Human Limits

Exploring performance and health with Michael J. Joyner, M.D.

Photo of Michael J. Joyner, M.D.

Exercise vs. Global Warming: Gradually Then Suddenly?

In early May atmospheric CO2 reached 400 parts per million (PPM).   This was seen as a major milestone in global warming and a harbinger of more bad news to come.   The figures below are for atmospheric CO2 since the late 1950s and the relationship between atmospheric CO2 and global temperature since 1880.








Climate Change Skeptics

There is skepticism about the reality of climate change and the extent to which it is being caused by human activity.   Some of this is highly political and driven by all sorts of other considerations, notably money and power.  However, on balance the weight of scientific evidence favors a major role for human activity in global warming and I find the arguments for this position much more convincing than the arguments against it.  I am a physiologist/physician not an ecologist, economist, or atmospheric physicist, so what do I have to add?


Gradually Then Suddenly!

With that question as a background, here is what a physiologist has to add along with the relevance of Hemingway’s famous lines about bankruptcy in “The Sun Also Rises”:

“How did you go bankrupt?’ Bill asked. ‘Two ways,’ Mike said. ‘Gradually and then suddenly.’


Gradually then suddenly describes a lot of things in physiology and biology.   For example when people stand up the blood pools in their legs away from the heart and this tends to make blood pressure fall.  In response the nervous system constricts the blood vessels and increases heart rate to keep blood pressure normal.  This works well, but only for a while.  If people stand up for too long eventually the responses noted above “fail” and most of us will faint suddenly.  The video clip shows some examples of just how fast this can happen.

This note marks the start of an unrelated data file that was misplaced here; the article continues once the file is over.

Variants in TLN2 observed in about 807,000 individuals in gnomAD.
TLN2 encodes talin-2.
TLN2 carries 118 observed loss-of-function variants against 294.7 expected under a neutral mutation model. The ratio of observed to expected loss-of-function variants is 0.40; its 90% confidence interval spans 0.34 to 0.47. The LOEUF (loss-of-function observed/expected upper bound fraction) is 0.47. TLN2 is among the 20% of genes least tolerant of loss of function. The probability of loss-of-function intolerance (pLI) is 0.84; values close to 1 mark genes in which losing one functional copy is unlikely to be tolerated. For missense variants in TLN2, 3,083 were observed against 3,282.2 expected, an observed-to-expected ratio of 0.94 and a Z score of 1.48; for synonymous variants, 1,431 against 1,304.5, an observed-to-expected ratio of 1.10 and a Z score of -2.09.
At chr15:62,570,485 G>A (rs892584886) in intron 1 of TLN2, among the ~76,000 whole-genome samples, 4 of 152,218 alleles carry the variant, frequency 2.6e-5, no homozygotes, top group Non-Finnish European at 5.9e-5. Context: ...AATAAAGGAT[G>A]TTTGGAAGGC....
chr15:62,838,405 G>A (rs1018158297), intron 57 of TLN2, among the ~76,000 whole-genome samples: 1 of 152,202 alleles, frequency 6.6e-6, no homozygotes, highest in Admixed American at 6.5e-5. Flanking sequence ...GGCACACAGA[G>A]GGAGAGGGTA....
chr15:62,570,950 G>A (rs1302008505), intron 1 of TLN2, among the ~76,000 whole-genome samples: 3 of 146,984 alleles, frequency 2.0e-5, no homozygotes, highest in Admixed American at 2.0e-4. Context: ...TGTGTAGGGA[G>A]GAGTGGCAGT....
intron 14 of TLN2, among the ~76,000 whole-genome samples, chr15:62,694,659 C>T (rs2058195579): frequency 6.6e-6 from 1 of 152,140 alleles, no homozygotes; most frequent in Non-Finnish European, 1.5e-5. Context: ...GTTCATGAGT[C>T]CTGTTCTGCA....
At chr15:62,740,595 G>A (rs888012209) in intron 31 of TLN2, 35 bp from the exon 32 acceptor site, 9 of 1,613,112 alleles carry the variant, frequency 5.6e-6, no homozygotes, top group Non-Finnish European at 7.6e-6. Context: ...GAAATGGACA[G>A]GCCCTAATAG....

click here for video

Another good example of gradually then suddenly comes from exercise physiology.  As people go from rest to mild or moderate exercise the lactic acid levels in their blood do not increase much and then the levels start to rise a lot as they go harder.  The figure below shows an example of what is seen during an exercise test in an elite athlete.





Exercise Metabolism vs. Earth’s Metabolism?

The exercise example is perhaps a good analogy for climate change.  Our ability to sustain exercise for prolonged periods of time starts to drop at exercise levels above the lactate threshold.  Metabolism ramps up and not much happens for a while and then a lot happens above the “lactate threshold” that can limit exercise duration.  In healthy young people metabolism can increase 5-6 times above rest without too much difficulty.  In elite endurance athletes, metabolic rate can increase perhaps 15 times above rest before things get too out of balance.  If we think of global CO2 production as a form of metabolism then perhaps the earth as an organism can adapt to pretty dramatic increases without much happening.    The figure below shows what has happened to global CO2 production since industrialization.  Who knows exactly where the Earth’s CO2 climate threshold might be, but if we take the value at around 1900 as “baseline” we are above the 5-6 fold increase in metabolism that can be tolerated by untrained people.  It also looks to me like we are getting close to the 15 fold increase that can be tolerated by elite endurance athletes.  How much farther do we dare push these curves before something really dramatic happens to the environment over a short period of time?





The Price of Denial

In my last post I pointed out that as the developing world gets richer and older there will be even more pressure on resource consumption and energy use.   In rich countries like the U.S. denial about the implications of aging for things like Medicare and Social Security is leading to political gridlock, a lack of creative solutions, and long term financial choices that are not pretty.   The same is true for Earth as a whole when it comes to denial about climate change and the human factors driving it.   When has denial ever been a good policy option?


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